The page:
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« Reply #6 on: February 20, 2009, 08:15:01 PM »
i can tell you that i once shot 10 and 15 grains of powder out of a  CVA derringer  thinking just as your are asking mark . the little pisto about broke my nose . it did take most of the skin of my trigger finger.
 here is a 45 cal Jukar with only 15 grains of 3 F


Offline Tin Type

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« Reply #7 on: February 25, 2009, 02:23:14 PM »
Ok, as ordered the pistol will have a 12 inch barrel and as stated .54 cal. I am thinking of starting at 20 grains [maybe a bit low] and work up.  What think you??/
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Offline R.M.

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« Reply #8 on: February 25, 2009, 03:11:35 PM »
I think 20 gr would be a good place to start.
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« Reply #9 on: February 25, 2009, 04:06:43 PM »
Tin Type!!!!!!!! ya made here ol hoiss, good to see ya, looking forward to catchn up with ya at monroe, ill be in the second building. Welcome to the TMA forum bud!
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Offline Three Hawks

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« Reply #10 on: February 25, 2009, 09:13:45 PM »
Quote from: "Tin Type"
Ok, as ordered the pistol will have a 12 inch barrel and as stated .54 cal. I am thinking of starting at 20 grains [maybe a bit low] and work up.  What think you??/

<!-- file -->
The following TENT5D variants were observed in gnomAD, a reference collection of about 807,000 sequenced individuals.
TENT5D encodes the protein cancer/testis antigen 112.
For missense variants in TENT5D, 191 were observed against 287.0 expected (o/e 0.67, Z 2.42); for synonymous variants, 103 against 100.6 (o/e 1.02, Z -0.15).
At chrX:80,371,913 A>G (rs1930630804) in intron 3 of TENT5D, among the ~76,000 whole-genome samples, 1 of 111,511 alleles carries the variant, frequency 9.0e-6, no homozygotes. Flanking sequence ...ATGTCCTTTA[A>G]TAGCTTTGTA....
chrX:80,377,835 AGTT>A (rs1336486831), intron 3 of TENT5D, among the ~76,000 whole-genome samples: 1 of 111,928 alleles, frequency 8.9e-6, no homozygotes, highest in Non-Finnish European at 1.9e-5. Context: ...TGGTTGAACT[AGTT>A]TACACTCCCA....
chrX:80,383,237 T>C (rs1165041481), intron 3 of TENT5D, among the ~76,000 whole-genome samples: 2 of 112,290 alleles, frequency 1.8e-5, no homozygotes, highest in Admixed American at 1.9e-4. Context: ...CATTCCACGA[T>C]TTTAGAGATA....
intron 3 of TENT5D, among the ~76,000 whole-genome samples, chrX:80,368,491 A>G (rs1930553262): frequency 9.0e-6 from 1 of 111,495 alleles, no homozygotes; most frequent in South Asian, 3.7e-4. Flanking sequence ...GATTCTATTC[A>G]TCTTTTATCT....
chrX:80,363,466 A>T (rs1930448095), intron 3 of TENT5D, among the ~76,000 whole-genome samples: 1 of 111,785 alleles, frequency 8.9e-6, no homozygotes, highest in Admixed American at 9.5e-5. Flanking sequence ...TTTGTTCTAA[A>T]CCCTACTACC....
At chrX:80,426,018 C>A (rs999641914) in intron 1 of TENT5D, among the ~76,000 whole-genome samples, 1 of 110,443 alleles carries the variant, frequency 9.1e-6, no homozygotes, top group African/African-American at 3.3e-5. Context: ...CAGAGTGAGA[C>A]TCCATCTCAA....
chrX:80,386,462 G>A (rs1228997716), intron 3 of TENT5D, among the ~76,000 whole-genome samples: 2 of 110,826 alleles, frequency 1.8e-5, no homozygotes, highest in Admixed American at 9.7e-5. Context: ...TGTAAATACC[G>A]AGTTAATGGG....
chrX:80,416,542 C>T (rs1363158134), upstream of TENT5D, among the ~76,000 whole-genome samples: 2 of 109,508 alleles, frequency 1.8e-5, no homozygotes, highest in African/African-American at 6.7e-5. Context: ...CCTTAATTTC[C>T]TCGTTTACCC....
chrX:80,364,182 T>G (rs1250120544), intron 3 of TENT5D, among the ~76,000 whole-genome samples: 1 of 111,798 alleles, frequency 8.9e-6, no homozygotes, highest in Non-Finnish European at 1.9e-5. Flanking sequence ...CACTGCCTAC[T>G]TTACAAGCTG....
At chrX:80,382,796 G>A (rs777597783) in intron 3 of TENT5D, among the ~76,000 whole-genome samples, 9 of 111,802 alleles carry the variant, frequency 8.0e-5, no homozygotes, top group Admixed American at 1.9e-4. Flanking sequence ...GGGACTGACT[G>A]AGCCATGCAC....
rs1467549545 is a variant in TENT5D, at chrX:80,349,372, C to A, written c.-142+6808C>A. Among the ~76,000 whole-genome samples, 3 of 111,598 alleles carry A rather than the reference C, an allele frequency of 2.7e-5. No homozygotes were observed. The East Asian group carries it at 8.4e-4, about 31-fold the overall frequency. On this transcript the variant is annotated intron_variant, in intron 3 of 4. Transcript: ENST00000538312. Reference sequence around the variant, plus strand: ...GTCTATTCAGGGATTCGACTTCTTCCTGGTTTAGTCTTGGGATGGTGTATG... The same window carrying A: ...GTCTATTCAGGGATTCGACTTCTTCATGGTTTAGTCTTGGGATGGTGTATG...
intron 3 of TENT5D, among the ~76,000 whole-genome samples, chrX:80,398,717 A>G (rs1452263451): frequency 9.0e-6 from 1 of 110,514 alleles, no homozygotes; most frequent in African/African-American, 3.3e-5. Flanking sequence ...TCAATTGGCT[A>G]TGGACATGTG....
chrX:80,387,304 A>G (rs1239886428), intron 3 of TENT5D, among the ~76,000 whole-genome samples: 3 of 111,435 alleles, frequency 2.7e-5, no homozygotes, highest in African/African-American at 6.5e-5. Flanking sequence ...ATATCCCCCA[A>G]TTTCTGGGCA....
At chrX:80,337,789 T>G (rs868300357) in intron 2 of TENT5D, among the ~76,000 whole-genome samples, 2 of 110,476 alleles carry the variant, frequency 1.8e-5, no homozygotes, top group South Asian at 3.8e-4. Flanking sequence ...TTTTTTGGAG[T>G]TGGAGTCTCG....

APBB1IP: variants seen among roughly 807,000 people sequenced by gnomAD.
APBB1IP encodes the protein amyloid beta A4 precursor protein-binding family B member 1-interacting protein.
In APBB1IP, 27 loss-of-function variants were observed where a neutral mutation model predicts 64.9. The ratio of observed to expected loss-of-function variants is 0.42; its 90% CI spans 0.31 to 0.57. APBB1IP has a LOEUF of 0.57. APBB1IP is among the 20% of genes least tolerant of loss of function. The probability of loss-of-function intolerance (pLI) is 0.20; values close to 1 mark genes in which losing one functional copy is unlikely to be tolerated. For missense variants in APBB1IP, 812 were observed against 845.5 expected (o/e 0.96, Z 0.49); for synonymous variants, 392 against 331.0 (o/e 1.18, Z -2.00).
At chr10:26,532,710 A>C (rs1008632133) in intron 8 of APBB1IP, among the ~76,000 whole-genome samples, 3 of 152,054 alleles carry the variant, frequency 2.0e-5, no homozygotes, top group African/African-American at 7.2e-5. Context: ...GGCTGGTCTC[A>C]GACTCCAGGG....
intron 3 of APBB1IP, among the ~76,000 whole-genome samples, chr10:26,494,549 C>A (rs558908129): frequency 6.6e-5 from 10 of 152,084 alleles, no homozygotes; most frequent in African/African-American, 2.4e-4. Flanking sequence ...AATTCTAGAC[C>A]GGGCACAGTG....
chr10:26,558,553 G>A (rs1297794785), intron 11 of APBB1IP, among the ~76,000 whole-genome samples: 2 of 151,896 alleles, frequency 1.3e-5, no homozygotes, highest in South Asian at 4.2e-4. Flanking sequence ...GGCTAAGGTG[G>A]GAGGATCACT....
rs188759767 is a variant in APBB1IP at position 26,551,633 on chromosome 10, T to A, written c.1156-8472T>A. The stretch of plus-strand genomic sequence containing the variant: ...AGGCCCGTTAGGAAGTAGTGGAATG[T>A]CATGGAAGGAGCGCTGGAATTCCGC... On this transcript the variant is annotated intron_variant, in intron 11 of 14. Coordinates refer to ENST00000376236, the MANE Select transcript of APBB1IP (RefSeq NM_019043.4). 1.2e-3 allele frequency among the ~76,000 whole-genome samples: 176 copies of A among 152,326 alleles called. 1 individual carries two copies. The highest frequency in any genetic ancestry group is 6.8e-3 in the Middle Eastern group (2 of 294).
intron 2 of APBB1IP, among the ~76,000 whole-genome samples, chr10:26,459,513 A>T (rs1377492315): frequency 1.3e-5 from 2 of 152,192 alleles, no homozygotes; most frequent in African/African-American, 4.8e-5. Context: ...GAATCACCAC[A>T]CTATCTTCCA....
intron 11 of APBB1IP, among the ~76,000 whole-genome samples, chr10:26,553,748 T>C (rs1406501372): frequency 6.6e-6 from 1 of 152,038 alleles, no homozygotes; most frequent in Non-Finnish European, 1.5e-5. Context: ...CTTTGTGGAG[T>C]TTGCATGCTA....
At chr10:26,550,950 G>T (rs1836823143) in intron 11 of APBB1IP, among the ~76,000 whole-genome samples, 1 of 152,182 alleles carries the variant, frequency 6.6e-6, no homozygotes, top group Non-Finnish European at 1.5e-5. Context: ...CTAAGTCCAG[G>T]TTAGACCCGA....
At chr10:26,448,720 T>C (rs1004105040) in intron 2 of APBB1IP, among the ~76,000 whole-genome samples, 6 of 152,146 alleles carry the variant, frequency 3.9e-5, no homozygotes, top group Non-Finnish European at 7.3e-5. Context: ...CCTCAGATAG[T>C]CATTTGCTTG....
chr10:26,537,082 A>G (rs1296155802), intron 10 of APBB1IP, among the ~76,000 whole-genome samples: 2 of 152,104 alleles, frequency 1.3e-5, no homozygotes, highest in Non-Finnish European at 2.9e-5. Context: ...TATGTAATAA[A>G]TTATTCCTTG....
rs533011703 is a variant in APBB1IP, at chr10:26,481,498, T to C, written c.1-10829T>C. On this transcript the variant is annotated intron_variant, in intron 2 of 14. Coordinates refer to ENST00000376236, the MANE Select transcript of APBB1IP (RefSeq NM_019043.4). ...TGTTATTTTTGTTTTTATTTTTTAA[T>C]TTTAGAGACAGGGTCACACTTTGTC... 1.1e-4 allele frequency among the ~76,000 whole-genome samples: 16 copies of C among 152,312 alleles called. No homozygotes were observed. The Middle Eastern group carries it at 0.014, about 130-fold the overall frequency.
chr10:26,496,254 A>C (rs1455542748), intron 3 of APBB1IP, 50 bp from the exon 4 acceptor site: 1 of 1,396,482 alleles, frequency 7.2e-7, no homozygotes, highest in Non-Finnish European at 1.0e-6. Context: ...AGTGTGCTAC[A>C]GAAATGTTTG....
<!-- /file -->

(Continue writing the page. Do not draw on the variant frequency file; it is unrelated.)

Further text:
20 sounds like an excellent start.   You're gonna be havin' some serious fun!

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Offline Tin Type

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« Reply #11 on: February 26, 2009, 02:37:27 AM »
To the guys who will be going to the Monroe thing, I too should be in the Second building a lot.  Might be at the Snohomish Valley club table for a while.
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Offline 1776Patriot

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.54 loads
« Reply #12 on: March 08, 2009, 04:58:39 AM »
Tin Type, I appreciate your post.  I built a .54 cal. Kentucky flintlock pistol over the winter, and haven't fired it yet.  Your questions concerning initial loads were ones I've been considering as well.

Everyones responses have been noted with interest.  Much obliged!

Offline northwoodsdave

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« Reply #13 on: March 08, 2009, 11:30:25 AM »
Tin Type

The quick rule of thumb I use is that a rifle charge (in grains) should be the same as the size of the bore, and a maximum charge is twice that.  

For a pistol, you halve those numbers.

So a fifty cal rifle would use a charge of fifty grains minimum, and a hundred max.  A fifty cal pistol, start with twenty five grains and work up.

This is not a law carved in stone;  just a handy rule to give you a starting point.  It's enought charge to make sure the bullet leaves the barrel, but not enough to give you a nasty surprise, hopefully.

Technically, a pistol barrel should handle the same maximum load as a rifle without damage, but the recoil (as has been pointed out) can get REAL interesting!  Remember, experience is what you get when you don't get what you expected!  So increase those pistol loads SLOWLY.   ;)

Hope that helps